And then: how do I let go of the part of me that wants to organize, label, and categorize every entry before I even start?  How do my students? Do I grade them?  How do I grade them if I want them to write freely?  Is the act alone enough to warrant a grade?

I almost think with my new project (gamifying the classroom), journaling will become a must- it must become both record book and reflection.  Journal prompts are a whole other issue- I have a love/hate relationship with using journal prompts in the classroom.  While I completely see the merit in a guided prompt, the non-teacher side of me cringes every time I see or use one.  I’m much more likely to use a writing guide, an insert if you will for my students.  I really like Mike Shea’s moleskin insert for writers; making one for high school students would be interesting.

The best start might be my own: unwrapping a moleskin of my very own this week and put the untarnished moleskin issue to rest.  Stay tuned.

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Filed under Literature Related, Reflection

“Outlining Sucks” or Why Students Hate the Hard Parts

I tell my students all the time that essays are my favorite part of teaching English.  It gets me a lot of eyerolling, but it’s true.  Well, partly: I love teaching essay construction more than I actually like to do essay construction.  The part of the essay planning that actually involves, well planning.  But I’ve also been one for picking something a part to see how it works.  Essay construction is very much like that- trying to pick apart a piece of literature and figure out how it works while simultanously constructing an essay that works.  Most students I know skip this step.  Instead of outlining, planning, gathering evidence, figuring out a thesis, they jump right in.  And it almost never turns out well.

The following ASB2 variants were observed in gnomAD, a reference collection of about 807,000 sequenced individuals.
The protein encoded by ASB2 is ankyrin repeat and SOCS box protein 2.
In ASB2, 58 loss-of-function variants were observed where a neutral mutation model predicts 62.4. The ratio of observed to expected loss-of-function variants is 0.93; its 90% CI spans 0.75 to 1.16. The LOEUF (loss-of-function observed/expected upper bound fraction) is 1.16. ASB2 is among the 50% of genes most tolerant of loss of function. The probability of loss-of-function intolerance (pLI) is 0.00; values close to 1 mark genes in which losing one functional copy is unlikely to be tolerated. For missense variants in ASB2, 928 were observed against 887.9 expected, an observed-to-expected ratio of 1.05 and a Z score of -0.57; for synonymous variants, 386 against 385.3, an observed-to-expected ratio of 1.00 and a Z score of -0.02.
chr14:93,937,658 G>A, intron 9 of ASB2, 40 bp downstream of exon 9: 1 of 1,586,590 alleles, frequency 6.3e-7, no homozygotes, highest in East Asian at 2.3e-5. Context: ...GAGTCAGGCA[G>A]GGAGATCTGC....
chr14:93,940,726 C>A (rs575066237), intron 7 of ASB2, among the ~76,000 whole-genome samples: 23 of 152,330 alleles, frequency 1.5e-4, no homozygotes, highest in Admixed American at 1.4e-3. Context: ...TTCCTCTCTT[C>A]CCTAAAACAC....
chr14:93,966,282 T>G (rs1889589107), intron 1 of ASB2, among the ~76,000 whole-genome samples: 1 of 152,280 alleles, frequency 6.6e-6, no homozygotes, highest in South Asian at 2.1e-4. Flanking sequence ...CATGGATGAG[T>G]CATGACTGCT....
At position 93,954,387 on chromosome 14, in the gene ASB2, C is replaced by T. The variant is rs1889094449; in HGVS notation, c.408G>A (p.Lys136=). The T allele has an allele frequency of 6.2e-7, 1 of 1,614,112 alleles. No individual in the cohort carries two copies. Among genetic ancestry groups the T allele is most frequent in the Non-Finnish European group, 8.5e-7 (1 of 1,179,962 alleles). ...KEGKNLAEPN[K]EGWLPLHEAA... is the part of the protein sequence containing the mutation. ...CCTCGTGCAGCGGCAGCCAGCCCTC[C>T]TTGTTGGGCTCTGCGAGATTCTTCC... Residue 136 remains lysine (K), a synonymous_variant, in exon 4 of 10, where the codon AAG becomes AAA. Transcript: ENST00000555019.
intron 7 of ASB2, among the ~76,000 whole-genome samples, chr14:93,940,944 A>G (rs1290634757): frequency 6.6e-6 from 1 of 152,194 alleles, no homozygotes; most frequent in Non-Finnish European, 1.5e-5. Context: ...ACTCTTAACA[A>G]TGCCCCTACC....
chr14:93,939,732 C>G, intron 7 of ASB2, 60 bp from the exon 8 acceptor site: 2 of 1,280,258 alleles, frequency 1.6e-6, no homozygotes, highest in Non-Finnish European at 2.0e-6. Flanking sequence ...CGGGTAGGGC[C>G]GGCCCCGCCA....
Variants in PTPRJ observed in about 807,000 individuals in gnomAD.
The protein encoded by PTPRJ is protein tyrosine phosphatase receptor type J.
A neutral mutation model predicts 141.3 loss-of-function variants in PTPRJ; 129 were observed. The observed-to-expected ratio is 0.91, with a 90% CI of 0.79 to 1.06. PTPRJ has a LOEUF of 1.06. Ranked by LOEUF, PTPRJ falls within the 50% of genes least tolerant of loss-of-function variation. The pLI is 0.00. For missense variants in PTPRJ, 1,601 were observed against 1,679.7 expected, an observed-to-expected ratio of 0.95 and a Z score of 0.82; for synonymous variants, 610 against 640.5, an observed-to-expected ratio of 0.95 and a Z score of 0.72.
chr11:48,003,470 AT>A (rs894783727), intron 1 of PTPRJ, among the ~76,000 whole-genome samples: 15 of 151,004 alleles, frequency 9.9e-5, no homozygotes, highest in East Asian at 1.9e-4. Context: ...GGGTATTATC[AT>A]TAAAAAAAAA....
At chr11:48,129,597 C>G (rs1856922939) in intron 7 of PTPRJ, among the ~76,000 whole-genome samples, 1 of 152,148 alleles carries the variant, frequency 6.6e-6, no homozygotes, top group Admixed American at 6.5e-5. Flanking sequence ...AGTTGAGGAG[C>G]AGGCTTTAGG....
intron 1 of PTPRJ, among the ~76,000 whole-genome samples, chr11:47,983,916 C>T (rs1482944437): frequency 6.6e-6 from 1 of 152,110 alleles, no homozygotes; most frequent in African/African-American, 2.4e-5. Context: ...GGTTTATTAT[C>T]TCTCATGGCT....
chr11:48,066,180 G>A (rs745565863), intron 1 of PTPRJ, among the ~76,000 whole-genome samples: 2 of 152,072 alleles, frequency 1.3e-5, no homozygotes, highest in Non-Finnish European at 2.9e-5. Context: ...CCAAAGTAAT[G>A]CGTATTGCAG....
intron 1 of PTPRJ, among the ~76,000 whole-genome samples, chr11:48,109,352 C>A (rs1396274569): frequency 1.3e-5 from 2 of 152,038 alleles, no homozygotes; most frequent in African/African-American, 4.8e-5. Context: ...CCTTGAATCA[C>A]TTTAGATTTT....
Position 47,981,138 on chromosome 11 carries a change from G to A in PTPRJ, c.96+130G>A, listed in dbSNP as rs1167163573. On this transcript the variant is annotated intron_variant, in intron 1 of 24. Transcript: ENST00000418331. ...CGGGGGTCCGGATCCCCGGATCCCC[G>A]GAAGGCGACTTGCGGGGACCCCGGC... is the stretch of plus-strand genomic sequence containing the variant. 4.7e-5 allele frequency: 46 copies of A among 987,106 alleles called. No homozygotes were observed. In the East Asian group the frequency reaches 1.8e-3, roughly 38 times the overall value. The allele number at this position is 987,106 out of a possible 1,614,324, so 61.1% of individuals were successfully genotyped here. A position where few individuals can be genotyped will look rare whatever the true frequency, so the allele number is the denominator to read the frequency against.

I tell my students this but inevitably they by pass this stage anyway.  When it came time for the big out of class essay round two, I was determined not to get the same paper- brilliant in spots but lacking evidence, well said in a sentence but lacking any structure.  I was receiving 30 papers that had moments of clarity but lacked any overall organization.

When did we start skipping this step?  When did I start skipping this step?

This aggression will not stand, Donnie.

So the last module, I decided to spend a two days on essay organization.  Not only did my students enjoy and really understand the importance of this process, but their papers were infinitely better.